- The easement must provide at least one of the following three conservation purposes:
- Protection of relatively natural habitat for fish, wildlife, plants or similar ecosystems,
- Preservation of open space (including farmland or forest land) for (1) scenic enjoyment of the general public and/or (2) significant public benefit pursuant to a clearly delineated government policy,
- Preservation of land areas for the education of or outdoor recreation by the general public.
- The easement must be granted to a qualified organization.
- The easement must prohibit all surface mining. If the easement donor does not own all of the mineral rights, the possibility of surface mining must be determined “so remote as to be negligible.”
- There must be documentation of the conservation values of the property must be collected prior to donation of the easement.
What are the Steps in Donating a Conservation Easement?
Once he or she has made the decision to donate a conservation easement, the landowner will work with the Texas Agricultural Land Trust to reach an agreement about the specific terms of the easement. TALT prepares a baseline report to document the condition of the property at the time the easement is donated. If the landowner intends to apply for a charitable income tax deduction, he or she must secure a subordination of any mortgage or contract holders, procure an appraisal and assure that mineral right ownership does not inhibit the placement of the conservation easement.
What are the Potential Tax Benefits?
When a conservation easement meets federal requirements as a charitable gift, the donor of the easement may be entitled to a reduction in income and/or estate taxes.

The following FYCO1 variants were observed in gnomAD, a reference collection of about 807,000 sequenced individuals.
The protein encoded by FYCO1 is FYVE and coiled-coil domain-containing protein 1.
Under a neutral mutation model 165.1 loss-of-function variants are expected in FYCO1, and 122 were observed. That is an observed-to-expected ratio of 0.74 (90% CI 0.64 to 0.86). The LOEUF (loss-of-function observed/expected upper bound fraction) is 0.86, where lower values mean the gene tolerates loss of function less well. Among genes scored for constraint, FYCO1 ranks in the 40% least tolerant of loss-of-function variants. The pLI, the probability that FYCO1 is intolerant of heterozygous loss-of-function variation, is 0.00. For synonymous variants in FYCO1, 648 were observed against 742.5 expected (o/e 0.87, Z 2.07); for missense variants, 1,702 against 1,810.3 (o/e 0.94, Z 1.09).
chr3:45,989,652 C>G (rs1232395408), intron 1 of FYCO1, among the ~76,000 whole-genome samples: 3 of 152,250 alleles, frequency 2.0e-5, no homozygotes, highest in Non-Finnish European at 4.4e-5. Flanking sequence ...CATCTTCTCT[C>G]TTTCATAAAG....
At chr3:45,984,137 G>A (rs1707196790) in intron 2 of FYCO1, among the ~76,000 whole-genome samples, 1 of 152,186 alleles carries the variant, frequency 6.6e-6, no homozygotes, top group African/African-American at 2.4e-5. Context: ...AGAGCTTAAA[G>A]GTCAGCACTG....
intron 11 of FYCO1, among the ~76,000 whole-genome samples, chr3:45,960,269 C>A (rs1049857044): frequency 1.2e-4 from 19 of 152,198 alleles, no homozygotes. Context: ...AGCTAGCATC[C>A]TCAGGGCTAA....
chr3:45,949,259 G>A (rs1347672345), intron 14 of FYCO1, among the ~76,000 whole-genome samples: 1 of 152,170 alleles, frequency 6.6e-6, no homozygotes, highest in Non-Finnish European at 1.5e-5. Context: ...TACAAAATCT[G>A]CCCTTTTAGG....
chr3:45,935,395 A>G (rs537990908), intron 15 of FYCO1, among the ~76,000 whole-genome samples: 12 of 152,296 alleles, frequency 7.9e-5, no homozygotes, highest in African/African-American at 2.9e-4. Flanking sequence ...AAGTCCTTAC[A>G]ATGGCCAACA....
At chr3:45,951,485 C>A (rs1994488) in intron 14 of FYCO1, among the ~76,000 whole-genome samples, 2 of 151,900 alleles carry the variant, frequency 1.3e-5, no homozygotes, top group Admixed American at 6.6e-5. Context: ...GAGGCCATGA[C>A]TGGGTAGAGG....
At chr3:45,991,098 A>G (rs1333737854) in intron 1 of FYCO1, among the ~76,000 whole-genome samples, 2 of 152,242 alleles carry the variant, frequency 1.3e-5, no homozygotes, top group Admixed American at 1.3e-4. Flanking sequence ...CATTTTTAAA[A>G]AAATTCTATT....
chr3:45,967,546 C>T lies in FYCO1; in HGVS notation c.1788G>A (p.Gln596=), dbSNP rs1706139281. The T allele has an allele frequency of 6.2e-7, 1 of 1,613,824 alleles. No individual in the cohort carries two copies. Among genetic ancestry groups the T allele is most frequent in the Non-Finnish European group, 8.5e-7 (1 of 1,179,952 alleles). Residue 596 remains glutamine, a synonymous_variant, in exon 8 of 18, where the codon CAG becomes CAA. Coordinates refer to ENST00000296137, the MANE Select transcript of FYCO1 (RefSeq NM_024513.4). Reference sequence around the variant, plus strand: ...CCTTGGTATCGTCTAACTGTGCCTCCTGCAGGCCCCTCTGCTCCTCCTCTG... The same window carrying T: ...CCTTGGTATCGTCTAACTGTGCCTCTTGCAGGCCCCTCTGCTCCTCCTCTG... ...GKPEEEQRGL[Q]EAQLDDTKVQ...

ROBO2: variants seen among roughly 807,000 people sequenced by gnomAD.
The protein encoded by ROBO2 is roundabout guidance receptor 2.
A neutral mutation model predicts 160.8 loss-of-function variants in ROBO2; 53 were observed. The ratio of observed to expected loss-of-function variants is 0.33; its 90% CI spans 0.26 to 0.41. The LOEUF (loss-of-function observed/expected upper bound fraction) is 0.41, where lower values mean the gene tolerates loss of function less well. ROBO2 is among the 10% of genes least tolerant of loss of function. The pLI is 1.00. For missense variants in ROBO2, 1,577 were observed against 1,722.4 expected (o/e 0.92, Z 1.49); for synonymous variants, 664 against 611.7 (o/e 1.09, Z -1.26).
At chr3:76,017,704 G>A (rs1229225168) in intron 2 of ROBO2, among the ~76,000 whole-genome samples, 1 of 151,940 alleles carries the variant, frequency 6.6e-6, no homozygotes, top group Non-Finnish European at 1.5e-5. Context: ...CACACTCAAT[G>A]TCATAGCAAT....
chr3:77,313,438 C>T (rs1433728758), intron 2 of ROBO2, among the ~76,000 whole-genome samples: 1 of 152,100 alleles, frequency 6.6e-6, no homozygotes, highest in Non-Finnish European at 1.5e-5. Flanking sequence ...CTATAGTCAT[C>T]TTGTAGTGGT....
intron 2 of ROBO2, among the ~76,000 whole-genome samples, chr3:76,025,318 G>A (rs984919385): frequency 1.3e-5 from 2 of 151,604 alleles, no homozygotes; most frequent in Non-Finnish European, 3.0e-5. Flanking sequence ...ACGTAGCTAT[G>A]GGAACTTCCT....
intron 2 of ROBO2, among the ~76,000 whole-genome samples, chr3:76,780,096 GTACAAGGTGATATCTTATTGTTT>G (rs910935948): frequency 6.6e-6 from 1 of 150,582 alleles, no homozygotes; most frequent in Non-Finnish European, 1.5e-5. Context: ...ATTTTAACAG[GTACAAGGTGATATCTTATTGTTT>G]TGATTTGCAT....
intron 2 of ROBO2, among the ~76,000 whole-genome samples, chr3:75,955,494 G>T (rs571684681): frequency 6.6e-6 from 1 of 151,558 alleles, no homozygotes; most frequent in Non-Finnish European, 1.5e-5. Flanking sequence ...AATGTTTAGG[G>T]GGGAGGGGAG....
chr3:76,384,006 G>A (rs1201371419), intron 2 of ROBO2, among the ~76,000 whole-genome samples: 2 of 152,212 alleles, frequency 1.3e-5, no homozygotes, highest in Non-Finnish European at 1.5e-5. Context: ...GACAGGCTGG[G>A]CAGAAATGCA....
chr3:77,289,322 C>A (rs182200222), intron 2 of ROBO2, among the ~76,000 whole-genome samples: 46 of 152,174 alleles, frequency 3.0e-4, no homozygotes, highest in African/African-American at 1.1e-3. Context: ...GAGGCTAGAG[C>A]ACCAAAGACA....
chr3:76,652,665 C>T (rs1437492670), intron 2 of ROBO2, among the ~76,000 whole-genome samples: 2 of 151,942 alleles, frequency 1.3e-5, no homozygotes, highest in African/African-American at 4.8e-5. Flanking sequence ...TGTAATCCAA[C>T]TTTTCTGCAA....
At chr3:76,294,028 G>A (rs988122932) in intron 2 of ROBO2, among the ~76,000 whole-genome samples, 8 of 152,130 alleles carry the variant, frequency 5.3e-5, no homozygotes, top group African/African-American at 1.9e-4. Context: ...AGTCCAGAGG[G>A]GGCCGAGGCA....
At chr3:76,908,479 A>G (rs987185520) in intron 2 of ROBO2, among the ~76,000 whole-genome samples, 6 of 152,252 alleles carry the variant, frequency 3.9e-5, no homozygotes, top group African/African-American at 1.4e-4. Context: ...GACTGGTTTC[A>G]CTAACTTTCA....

The value of the easement as a charitable gift is determined by a qualified appraiser who values the property before and after the easement restrictions are applied. The difference between these two values is the amount of the charitable gift for tax purposes. This gift amount is treated as a regular charitable contribution.
Estate and Gift Taxes
Conservation easements will typically result in a reduction of the property value for estate and gift purposes. This can ease the financial burden of passing the property on to heirs. Conservation easements are a significant and useful estate planning tool. The amount of value reduction is unique to each property, but is generally the difference between its subdivision development value and its agricultural value.
What Happens after the Easement is in Place?
Once a conservation easement is signed, TALT and the landowner begin a working relationship to assure that the intended conservation becomes a reality. TALT is not in the day-to-day land management business. Landowners continue to make all of their property management decisions while the easement limits only the broad parameters of land use, such as subdivision, commercial development, construction and surface mining.
Annual monitoring visits are conducted by TALT stewardship staff. These visits foster good communication with the landowner and an opportunity to answer questions or respond to concerns. In many ways the conservation easement is a working partnership for the land. Mutual respect and clear understanding of easement terms help avoid potential conflict.
For more information, please contact Blair Fitzsimons, Executive Director, Texas Agricultural Land Trust, P.O. Box 6152, San Antonio, Texas 78209, 210-826-0074. email@example.com.